According to the Morningstar Market Commentary, the worst performing group in the second quarter was the financial stocks -- which shed 17 percent of their value between April and the end of June.
The best performing group was the Morningstar Commodity Index -- up 21 percent for the quarter. And bonds provided no safety as interest rates rose on inflation fears, cutting bond prices by 1.3 percent on the Morningstar Core Bond Index.
Just for perspective, the average duration of a bear market is 17 months, and the longest ran for 42 months, from November 1938 through April 28, 1942.
Hope: elections, the market
So where is the traditional election year bullishness? The first six months of this election year posted the largest stock market loss -- a 12.6 percent decline based on the S&P 500 stock index -- of any presidential election year since 1940, according to Jim Stack of Investech Research. His company keeps track of those historic market relationships at www.Investech.com.
Stack notes that the only other double-digit losses in the first half of a presidential election year came in 1940, at the start of World War II when Germany invaded France, and in 1932, at the depths of the Great Depression!
Now here's the optimistic part of Stack's statistics: Those two years -- 1932 and 1940 -- with double-digit stock market losses in the first half, each rebounded for double-digit gains in the second half from July through Election Day!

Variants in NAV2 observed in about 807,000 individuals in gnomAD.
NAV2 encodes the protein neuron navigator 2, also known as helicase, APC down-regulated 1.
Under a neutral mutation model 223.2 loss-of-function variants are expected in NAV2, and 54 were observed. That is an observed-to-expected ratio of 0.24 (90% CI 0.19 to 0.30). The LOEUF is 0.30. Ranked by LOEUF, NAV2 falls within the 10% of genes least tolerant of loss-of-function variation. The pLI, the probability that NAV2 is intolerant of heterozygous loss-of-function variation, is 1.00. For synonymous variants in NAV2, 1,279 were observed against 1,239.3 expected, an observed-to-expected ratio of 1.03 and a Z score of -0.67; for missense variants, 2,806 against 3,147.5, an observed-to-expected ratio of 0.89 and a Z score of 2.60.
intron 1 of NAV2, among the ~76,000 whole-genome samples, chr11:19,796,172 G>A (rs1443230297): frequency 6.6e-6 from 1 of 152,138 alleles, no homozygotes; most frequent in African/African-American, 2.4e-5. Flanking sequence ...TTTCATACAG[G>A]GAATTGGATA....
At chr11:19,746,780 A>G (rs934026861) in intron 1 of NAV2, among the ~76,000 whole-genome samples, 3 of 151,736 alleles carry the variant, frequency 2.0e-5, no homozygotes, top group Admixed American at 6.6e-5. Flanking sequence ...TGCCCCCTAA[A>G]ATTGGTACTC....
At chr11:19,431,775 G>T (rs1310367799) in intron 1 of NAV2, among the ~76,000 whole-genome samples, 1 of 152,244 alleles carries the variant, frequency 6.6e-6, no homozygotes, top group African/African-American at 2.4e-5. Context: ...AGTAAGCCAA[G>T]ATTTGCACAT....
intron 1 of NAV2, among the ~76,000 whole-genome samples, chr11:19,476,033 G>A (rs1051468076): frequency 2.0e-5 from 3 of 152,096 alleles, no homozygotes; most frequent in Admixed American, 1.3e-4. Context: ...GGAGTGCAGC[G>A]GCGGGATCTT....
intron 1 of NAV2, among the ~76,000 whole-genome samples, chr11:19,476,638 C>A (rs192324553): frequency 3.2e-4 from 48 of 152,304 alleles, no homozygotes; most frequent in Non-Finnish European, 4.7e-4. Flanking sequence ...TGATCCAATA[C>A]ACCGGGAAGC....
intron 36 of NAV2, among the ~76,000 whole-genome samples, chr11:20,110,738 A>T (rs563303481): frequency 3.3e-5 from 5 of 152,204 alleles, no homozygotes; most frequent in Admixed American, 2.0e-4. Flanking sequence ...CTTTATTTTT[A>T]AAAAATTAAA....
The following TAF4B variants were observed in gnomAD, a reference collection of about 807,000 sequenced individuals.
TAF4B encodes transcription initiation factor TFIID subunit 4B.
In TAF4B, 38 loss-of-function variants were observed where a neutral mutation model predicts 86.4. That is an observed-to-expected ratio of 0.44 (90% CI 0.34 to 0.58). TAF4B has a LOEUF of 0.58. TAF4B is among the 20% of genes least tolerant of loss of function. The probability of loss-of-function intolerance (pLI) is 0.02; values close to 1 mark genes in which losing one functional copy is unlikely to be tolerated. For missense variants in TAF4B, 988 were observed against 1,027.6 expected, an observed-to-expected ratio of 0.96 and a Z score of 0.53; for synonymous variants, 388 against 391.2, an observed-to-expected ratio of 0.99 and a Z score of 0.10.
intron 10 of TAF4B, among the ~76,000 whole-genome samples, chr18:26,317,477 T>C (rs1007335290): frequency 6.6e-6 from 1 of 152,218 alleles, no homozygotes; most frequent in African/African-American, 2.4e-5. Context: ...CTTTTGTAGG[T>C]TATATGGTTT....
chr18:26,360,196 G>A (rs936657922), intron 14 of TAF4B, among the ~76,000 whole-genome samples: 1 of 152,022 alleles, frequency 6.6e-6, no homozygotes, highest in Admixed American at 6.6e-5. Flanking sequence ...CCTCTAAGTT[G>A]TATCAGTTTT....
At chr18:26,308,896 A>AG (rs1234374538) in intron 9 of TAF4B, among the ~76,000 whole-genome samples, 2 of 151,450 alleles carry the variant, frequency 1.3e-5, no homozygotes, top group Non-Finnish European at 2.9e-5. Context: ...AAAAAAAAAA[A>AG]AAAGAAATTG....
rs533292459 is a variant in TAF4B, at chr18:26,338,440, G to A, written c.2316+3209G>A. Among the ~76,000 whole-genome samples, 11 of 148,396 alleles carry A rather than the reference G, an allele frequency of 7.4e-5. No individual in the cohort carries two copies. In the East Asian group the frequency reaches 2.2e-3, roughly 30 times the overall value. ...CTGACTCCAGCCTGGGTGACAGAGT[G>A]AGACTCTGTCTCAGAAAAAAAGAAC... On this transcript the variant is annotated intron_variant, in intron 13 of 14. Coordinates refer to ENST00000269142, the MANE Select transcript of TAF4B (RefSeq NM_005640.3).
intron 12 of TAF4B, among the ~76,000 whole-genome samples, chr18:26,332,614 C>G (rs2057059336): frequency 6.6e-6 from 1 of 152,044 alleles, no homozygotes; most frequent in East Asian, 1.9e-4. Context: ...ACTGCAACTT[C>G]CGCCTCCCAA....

As of Friday's close, Stack sent word to his subscribers that he's still waiting for confirming signals from his indicators that it's time to buy. His Friday comment: "There is no confirmation that a market bottom is at hand, or even near."
The most bearish case
Perhaps the best-stated bearish case is made by Bert Dohmen, who has written the Wellington Letter for 30 years, and whose latest book, Prelude to Meltdown, was reviewed in this column last year.
Dohmen called the market top last October. He now says the "first good support" for the Dow could come at 9,750 -- but he implies that won't be the ultimate bottom!
Dohmen's advice is to use any current rally to liquidate stocks globally.
How to react
While bulls and bears debate the market direction, individual investors have a more immediate issue: How to position their investments for future growth, inflation protection, and some degree of financial security.
To answer that, you have to examine your own situation and risk tolerance. This isn't a question of calling market turns; it's an assessment of your own changing financial situation, your goals -- and your financial and emotional ability to ride out a long-term decline (if there is one) in the stock market.
As you get closer to retirement, your priorities will change -- and so will your ability to watch your retirement nest egg gyrate in value. It's best to do that kind of thinking in the calm period before panic erupts. That may not be long now. And that's The Savage Truth.
Terry Savage is a registered investment adviser. Distributed by Creators Syndicate. Copyright Terry Savage Productions Ltd.